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Title: Ethanol from lignocellulosic biomass

Abstract

Lignocellulosic biomass includes agricultural and forestry residues, municipal solid waste (MSW), fiber resulting from grain operations, waste cellulosics (e.g. paper and pulp operations), and energy crops. Taken together, these materials represent one of the most abundant renewable resources on earth. The conversion of even a small portion of this resource to ethanol could substantially reduce current gasoline consumption and dependence on petroleum. Lignocellulosic materials are composed of three major components: cellulose, hemicellulose, and lignin. The cellulose and hemicellulose polymers can be hydrolyzed into their component sugars, primarily glucose and xylose, respectively, which can then be fermented to ethanol. Ethanol and fuel additives from ethanol have properties useful for dealing with urban air pollution. In addition, using renewable lignocellulosic resources for ethanol production can reduce the accumulation of carbon dioxide in the atmosphere and thereby aid in the prevention of global warming. Moreover, producing ethanol from an abundant domestic lignocellulosic resource will provide new opportunities for agriculture. In an overall process for converting lignocellulosic biomass to ethanol, the biomass is first pretreated by mechanical and chemical processes. An acid-based pretreatment process is one method that can be used to hydrolyze the hemicellulose to xylose. To hydrolyze the cellulose to glucose, processesmore » based on the use of acids or cellulase enzyme can then be used. For enzymatic processes, the rate and yield of glucose from cellulose depends on the characteristics of the cellulose enzymes, which are synthesized by cellulolytic microorganisms such as fungi or bacteria. A variety of microorganisms can be used to ferment xylose and glucose to ethanol. 178 refs., 3 figs., 14 tabs.« less

Authors:
; ;  [1]
  1. and others
Publication Date:
OSTI Identifier:
460364
Resource Type:
Journal Article
Journal Name:
Advances in Solar Energy
Additional Journal Information:
Journal Volume: 7; Other Information: PBD: 1992
Country of Publication:
United States
Language:
English
Subject:
09 BIOMASS FUELS; ETHANOL FUELS; SYNTHESIS; BIOMASS; ACID HYDROLYSIS; AUTOMOTIVE FUELS; COMMINUTION; FERMENTATION; XYLOSE; ECONOMIC ANALYSIS; SACCHARIFICATION; CELLULOSE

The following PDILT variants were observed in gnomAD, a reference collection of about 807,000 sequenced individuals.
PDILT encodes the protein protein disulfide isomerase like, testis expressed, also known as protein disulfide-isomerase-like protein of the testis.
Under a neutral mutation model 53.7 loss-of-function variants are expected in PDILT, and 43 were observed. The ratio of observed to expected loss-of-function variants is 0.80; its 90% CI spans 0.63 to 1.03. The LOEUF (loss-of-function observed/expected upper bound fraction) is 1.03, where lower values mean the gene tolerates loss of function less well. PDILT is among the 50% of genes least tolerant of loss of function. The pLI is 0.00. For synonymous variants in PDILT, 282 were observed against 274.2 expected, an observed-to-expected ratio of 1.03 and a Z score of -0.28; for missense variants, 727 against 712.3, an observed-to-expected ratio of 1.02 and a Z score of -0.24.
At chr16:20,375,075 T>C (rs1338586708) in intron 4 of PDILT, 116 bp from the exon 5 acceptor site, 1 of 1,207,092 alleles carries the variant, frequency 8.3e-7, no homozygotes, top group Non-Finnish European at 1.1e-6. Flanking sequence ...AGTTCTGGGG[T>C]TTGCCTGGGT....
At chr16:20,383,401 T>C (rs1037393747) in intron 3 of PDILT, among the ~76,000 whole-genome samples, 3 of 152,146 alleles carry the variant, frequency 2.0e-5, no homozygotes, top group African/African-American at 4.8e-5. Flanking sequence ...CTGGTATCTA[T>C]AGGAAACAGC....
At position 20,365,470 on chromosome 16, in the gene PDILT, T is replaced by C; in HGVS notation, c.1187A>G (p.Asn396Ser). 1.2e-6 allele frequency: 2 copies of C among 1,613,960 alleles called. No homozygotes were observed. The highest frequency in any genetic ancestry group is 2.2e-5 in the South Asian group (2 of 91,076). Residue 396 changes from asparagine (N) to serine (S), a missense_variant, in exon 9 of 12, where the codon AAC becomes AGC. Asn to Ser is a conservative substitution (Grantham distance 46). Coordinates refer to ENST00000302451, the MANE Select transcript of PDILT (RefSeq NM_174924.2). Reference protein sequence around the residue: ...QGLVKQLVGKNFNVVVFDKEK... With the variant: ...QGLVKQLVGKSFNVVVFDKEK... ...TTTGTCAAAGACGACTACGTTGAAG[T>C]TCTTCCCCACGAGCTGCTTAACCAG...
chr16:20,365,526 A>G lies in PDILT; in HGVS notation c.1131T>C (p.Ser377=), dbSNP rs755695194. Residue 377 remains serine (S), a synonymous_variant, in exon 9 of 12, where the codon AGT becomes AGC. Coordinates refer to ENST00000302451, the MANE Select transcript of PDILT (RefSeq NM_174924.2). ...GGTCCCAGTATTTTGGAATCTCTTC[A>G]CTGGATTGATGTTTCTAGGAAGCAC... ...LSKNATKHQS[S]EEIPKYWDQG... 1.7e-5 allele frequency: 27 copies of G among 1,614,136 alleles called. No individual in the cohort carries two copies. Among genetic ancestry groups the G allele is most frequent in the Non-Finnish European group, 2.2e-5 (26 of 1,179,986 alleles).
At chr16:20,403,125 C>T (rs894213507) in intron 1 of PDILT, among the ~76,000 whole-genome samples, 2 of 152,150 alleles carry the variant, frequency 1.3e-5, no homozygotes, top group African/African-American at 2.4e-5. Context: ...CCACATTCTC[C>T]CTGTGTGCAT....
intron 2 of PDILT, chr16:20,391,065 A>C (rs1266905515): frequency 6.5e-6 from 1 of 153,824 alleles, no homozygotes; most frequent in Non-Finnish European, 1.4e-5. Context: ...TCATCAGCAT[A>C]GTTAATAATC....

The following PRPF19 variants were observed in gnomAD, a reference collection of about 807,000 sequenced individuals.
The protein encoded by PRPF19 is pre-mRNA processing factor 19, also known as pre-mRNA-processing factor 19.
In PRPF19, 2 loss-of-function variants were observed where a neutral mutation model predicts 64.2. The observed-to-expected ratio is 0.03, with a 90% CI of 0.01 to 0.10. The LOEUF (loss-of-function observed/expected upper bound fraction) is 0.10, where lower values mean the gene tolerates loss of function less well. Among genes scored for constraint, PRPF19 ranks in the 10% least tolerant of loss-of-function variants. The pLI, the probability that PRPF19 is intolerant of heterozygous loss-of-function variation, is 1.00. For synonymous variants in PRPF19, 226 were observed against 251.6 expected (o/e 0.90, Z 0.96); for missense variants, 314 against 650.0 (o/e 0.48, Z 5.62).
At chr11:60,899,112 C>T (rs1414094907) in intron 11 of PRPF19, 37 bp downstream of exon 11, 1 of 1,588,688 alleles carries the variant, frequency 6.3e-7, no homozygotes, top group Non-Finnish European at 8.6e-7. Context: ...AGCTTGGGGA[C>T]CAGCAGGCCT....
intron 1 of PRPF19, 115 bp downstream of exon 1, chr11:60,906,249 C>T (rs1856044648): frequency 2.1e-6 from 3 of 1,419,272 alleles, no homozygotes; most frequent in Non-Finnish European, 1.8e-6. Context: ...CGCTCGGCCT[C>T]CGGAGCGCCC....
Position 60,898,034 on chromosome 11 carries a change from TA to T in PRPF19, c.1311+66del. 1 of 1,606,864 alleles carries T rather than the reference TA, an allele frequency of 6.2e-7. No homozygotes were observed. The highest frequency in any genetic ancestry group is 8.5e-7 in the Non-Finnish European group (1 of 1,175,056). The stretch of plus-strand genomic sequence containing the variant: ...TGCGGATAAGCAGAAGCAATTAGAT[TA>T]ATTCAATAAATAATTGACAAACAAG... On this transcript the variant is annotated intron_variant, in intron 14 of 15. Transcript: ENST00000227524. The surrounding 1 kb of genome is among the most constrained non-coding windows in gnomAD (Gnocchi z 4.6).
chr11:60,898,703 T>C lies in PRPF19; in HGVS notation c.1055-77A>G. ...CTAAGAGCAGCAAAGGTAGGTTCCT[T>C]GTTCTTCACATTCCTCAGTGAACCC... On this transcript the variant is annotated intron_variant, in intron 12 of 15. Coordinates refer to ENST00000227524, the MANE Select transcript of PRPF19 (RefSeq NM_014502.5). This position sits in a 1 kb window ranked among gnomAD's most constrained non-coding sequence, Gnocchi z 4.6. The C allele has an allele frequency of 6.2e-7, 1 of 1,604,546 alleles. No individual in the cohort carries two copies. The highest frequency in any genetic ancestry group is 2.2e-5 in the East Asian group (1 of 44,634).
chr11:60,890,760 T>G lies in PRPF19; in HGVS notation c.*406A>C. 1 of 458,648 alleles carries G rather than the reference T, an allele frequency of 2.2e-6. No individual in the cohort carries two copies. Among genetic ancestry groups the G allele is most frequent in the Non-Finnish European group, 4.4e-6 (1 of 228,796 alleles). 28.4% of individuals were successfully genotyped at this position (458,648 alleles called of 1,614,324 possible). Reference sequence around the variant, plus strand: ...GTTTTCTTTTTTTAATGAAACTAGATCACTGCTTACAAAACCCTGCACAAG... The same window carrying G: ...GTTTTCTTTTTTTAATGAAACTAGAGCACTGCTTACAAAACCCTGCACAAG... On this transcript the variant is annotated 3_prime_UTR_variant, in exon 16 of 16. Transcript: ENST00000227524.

Citation Formats

Schell, D J, McMillian, J D, and Philippidis, G P. Ethanol from lignocellulosic biomass. United States: N. p., 1992. Web.
Schell, D J, McMillian, J D, & Philippidis, G P. Ethanol from lignocellulosic biomass. United States.
Schell, D J, McMillian, J D, and Philippidis, G P. Thu . "Ethanol from lignocellulosic biomass". United States.
@article{osti_460364,
title = {Ethanol from lignocellulosic biomass},
author = {Schell, D J and McMillian, J D and Philippidis, G P},
abstractNote = {Lignocellulosic biomass includes agricultural and forestry residues, municipal solid waste (MSW), fiber resulting from grain operations, waste cellulosics (e.g. paper and pulp operations), and energy crops. Taken together, these materials represent one of the most abundant renewable resources on earth. The conversion of even a small portion of this resource to ethanol could substantially reduce current gasoline consumption and dependence on petroleum. Lignocellulosic materials are composed of three major components: cellulose, hemicellulose, and lignin. The cellulose and hemicellulose polymers can be hydrolyzed into their component sugars, primarily glucose and xylose, respectively, which can then be fermented to ethanol. Ethanol and fuel additives from ethanol have properties useful for dealing with urban air pollution. In addition, using renewable lignocellulosic resources for ethanol production can reduce the accumulation of carbon dioxide in the atmosphere and thereby aid in the prevention of global warming. Moreover, producing ethanol from an abundant domestic lignocellulosic resource will provide new opportunities for agriculture. In an overall process for converting lignocellulosic biomass to ethanol, the biomass is first pretreated by mechanical and chemical processes. An acid-based pretreatment process is one method that can be used to hydrolyze the hemicellulose to xylose. To hydrolyze the cellulose to glucose, processes based on the use of acids or cellulase enzyme can then be used. For enzymatic processes, the rate and yield of glucose from cellulose depends on the characteristics of the cellulose enzymes, which are synthesized by cellulolytic microorganisms such as fungi or bacteria. A variety of microorganisms can be used to ferment xylose and glucose to ethanol. 178 refs., 3 figs., 14 tabs.},
doi = {},
journal = {Advances in Solar Energy},
number = ,
volume = 7,
place = {United States},
year = {1992},
month = {12}
}